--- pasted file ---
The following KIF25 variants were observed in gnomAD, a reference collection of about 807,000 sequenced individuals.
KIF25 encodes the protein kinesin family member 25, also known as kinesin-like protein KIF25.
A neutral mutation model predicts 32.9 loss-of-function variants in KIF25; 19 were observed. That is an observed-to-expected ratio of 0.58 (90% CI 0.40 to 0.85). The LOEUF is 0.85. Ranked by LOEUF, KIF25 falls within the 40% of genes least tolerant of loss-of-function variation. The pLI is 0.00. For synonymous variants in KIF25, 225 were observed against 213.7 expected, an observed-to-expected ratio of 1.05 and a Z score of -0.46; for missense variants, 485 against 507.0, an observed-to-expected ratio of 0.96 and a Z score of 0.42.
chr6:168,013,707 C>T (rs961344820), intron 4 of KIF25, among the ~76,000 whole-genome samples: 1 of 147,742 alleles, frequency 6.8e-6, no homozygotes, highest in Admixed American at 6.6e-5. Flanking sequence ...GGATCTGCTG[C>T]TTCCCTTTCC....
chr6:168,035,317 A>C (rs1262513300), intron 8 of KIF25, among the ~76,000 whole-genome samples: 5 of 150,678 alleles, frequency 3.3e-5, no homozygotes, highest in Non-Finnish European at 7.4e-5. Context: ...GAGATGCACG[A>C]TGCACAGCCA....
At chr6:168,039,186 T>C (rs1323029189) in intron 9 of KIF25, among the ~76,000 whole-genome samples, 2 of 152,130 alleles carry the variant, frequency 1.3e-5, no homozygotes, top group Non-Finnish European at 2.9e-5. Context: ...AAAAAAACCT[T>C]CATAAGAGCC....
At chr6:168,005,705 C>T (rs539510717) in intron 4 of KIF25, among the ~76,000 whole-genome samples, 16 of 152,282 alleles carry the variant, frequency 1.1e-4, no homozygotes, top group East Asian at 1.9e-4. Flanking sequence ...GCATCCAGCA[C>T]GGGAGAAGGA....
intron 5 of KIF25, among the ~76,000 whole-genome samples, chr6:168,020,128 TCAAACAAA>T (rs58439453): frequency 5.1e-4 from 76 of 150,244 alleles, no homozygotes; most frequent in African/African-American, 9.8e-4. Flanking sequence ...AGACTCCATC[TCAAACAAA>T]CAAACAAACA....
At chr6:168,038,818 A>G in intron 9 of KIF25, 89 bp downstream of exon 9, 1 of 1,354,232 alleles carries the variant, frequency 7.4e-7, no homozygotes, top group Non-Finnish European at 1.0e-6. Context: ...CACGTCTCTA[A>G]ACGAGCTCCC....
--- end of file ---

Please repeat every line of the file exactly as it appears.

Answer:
The following KIF25 variants were observed in gnomAD, a reference collection of about 807,000 sequenced individuals.
KIF25 encodes the protein kinesin family member 25, also known as kinesin-like protein KIF25.
A neutral mutation model predicts 32.9 loss-of-function variants in KIF25; 19 were observed. That is an observed-to-expected ratio of 0.58 (90% CI 0.40 to 0.85). The LOEUF is 0.85. Ranked by LOEUF, KIF25 falls within the 40% of genes least tolerant of loss-of-function variation. The pLI is 0.00. For synonymous variants in KIF25, 225 were observed against 213.7 expected, an observed-to-expected ratio of 1.05 and a Z score of -0.46; for missense variants, 485 against 507.0, an observed-to-expected ratio of 0.96 and a Z score of 0.42.
chr6:168,013,707 C>T (rs961344820), intron 4 of KIF25, among the ~76,000 whole-genome samples: 1 of 147,742 alleles, frequency 6.8e-6, no homozygotes, highest in Admixed American at 6.6e-5. Flanking sequence ...GGATCTGCTG[C>T]TTCCCTTTCC....
chr6:168,035,317 A>C (rs1262513300), intron 8 of KIF25, among the ~76,000 whole-genome samples: 5 of 150,678 alleles, frequency 3.3e-5, no homozygotes, highest in Non-Finnish European at 7.4e-5. Context: ...GAGATGCACG[A>C]TGCACAGCCA....
At chr6:168,039,186 T>C (rs1323029189) in intron 9 of KIF25, among the ~76,000 whole-genome samples, 2 of 152,130 alleles carry the variant, frequency 1.3e-5, no homozygotes, top group Non-Finnish European at 2.9e-5. Context: ...AAAAAAACCT[T>C]CATAAGAGCC....
At chr6:168,005,705 C>T (rs539510717) in intron 4 of KIF25, among the ~76,000 whole-genome samples, 16 of 152,282 alleles carry the variant, frequency 1.1e-4, no homozygotes, top group East Asian at 1.9e-4. Flanking sequence ...GCATCCAGCA[C>T]GGGAGAAGGA....
intron 5 of KIF25, among the ~76,000 whole-genome samples, chr6:168,020,128 TCAAACAAA>T (rs58439453): frequency 5.1e-4 from 76 of 150,244 alleles, no homozygotes; most frequent in African/African-American, 9.8e-4. Flanking sequence ...AGACTCCATC[TCAAACAAA>T]CAAACAAACA....
At chr6:168,038,818 A>G in intron 9 of KIF25, 89 bp downstream of exon 9, 1 of 1,354,232 alleles carries the variant, frequency 7.4e-7, no homozygotes, top group Non-Finnish European at 1.0e-6. Context: ...CACGTCTCTA[A>G]ACGAGCTCCC....